Seifer's vivid, revelatory, exhaustively researched biography rescues pioneer inventor Nikola Tesla from cult status and restores him to his rightful place as a principal architect of the modern age. Based largely on firsthand documents including Tesla's writings, his patents and those of competitors, it credits the Croatian-born Serb, who moved to New York in 1884, with the invention of the induction motor, long-distance electrical power distribution, fluorescent and neon lights, the first true radio tube and remote control, besides making vital contributions to the technology underlying television, wireless communication, robotics, lasers, the facsimile machine and particle-beam weaponry anticipating the space-based "Star Wars" defensive shield. Though often depicted as a recluse, flamboyant nouveau-riche Tesla (1856-1943) lived in Manhattan's Waldorf-Astoria Hotel for two decades, and hobnobbed with architect Sanford White, Mark Twain, Rudyard Kipling, conservationist John Muir, mogul John Jacob Astor III, Swami Vivekananda. Yet the electronic wizard, who competed fiercely with Marconi and with his one-time employer Edison, became swamped in debt, abandoned by a world he helped create, ending his days in seedy poverty, a bitter, anorexic eccentric obsessed with feeding pigeons and avoiding germs. Seifer, who teaches psychology at Community College of Rhode Island, attributes Tesla's downfall partly to his megalomaniacal, neurotic, self-destructive tendencies, partly to a quagmire of litigation and also to his Faustian pact with his ambivalent benefactor, Wall Street financier J. Pierpont Morgan, to whom he relinquished control of several patents. Morgan, suggests Seifer, stymied Tesla's visionary scheme for a global, wireless power-distribution system because, if realized, it would jeopardize electrical, lighting and telephone monopolies. Seifer provides the fullest account yet of Tesla as an entrepreneur, experimental physicist and inventor.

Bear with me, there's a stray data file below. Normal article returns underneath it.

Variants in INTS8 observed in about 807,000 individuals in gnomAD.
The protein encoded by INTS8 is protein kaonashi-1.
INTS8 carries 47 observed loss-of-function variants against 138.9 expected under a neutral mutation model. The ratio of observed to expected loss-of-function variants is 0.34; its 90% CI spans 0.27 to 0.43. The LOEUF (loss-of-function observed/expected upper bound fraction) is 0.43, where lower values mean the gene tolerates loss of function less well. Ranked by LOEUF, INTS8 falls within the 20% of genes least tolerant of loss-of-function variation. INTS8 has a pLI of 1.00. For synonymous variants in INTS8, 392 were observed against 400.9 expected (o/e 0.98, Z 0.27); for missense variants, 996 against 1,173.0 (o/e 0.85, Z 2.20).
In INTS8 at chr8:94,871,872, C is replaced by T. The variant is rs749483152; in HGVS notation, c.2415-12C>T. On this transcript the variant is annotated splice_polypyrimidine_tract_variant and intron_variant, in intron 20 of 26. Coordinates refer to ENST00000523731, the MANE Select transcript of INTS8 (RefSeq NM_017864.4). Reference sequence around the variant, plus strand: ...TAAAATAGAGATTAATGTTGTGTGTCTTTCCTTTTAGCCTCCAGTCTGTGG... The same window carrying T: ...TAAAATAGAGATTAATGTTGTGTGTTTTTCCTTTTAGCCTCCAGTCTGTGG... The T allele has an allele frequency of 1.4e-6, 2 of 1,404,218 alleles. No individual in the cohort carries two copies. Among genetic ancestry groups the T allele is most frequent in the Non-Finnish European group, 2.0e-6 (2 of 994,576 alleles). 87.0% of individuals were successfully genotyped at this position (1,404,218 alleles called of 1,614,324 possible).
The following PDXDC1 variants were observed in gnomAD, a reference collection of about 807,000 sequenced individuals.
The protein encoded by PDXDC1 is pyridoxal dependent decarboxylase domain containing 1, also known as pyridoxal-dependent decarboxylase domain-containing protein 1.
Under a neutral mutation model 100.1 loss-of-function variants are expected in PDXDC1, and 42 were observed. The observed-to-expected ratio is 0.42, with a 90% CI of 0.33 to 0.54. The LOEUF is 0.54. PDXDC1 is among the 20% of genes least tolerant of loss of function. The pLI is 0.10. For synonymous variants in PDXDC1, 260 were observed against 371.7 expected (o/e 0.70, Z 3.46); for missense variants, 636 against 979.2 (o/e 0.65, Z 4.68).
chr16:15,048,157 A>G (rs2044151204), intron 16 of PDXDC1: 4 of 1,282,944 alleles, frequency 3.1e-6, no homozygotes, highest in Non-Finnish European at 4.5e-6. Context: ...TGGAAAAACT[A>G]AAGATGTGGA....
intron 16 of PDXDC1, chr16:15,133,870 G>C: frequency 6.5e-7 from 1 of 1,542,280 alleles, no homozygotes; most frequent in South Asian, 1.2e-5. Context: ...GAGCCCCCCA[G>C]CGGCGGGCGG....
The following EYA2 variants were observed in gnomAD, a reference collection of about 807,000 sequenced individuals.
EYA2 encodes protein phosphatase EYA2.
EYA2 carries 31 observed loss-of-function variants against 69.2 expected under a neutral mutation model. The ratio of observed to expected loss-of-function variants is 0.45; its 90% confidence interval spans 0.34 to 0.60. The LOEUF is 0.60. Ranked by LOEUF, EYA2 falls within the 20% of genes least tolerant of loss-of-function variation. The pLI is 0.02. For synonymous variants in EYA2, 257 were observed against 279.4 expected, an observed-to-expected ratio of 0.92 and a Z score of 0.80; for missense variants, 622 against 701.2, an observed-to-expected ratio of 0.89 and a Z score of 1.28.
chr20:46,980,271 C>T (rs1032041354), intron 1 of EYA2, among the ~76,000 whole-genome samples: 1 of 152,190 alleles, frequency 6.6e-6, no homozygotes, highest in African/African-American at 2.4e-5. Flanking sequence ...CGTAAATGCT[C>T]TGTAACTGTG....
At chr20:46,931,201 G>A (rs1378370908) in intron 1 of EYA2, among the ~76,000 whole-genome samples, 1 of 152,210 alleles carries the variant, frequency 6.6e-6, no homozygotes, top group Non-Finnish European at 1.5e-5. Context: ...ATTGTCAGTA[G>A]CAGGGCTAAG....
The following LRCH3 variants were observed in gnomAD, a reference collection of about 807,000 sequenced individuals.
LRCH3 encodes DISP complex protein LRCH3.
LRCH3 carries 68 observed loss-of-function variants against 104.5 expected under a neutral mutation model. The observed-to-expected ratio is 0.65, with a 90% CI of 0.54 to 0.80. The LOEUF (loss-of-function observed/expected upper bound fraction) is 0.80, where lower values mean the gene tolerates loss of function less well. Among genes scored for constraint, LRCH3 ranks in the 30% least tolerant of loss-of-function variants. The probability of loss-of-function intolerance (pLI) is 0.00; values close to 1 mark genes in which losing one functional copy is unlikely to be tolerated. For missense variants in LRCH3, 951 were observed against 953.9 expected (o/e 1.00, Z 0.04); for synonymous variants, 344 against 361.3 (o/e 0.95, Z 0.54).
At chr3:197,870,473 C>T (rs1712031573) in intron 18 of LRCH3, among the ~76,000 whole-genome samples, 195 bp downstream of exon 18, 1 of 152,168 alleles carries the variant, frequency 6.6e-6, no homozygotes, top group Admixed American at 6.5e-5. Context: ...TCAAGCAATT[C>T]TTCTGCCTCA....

Copyright 1996 Reed Business Information, Inc. Boxed & Starred Review

From Library Journal:

Nikola Tesla is credited by many as the inventor of radio and should have received most of the credit for the development of modern electricity. Yet there is considerable confusion about his technical contributions and even more about his personal life. This book, by a professor of psychology at Bristol Community College and a member of the International Tesla Society, painstakingly documents Tesla's wide-ranging contributions. Born in Croatia, Tesla emigrated to the United States in 1884 and almost immediately began work on alternatives to what was then accepted as standard electrical technology. This brought him into conflict with Edison and later Westinghouse. The pattern of conflict continued for nearly 60 years, partially because Tesla was far ahead of his time, partially because he was erratic and off-beat, and partially because he was not an astute business partner. Seifer has analyzed extensive sources, many not previously used by other Tesla biographers, to provide a detailed interpretation of his life, but the fact that he also incorporates extensive handwriting analysis to arrive at several of his conclusions will certainly cause some reader concern. For larger science and biography collections.?Hilary Burton, Lawrence Livermore National Lab., Livermore, Cal.
Copyright 1996 Reed Business Information, Inc. --

From Booklist:

What kind of genius can fathom the mysteries of electromagnetism but cannot keep corporate lawyers from taking him to the cleaners? Perhaps because his life did not culminate in wealth and acclaim, Nikola Tesla has largely slipped from the national memory. Seifer's biography rescues him from oblivion, bringing back to life the amazingly creative intellect that gave us fluorescent lighting, wireless communication, cheap electrical power, and the remote control. But Seifer also resurrects the wounded, self-destructive personality who never recovered from the loss of a favored older brother and who spiraled into weird obsessions, mental collapse, and poverty as he watched other men use his inventions to win fame and riches. Seifer does an admirable job of explaining his subject's technical feats and analyzing his psychological idiosyncrasies. Tinged with pathos, this meticulously researched biography deserves attention from all who would understand the human tragedies played out in the shadows of our neon culture.
Bryce Christensen --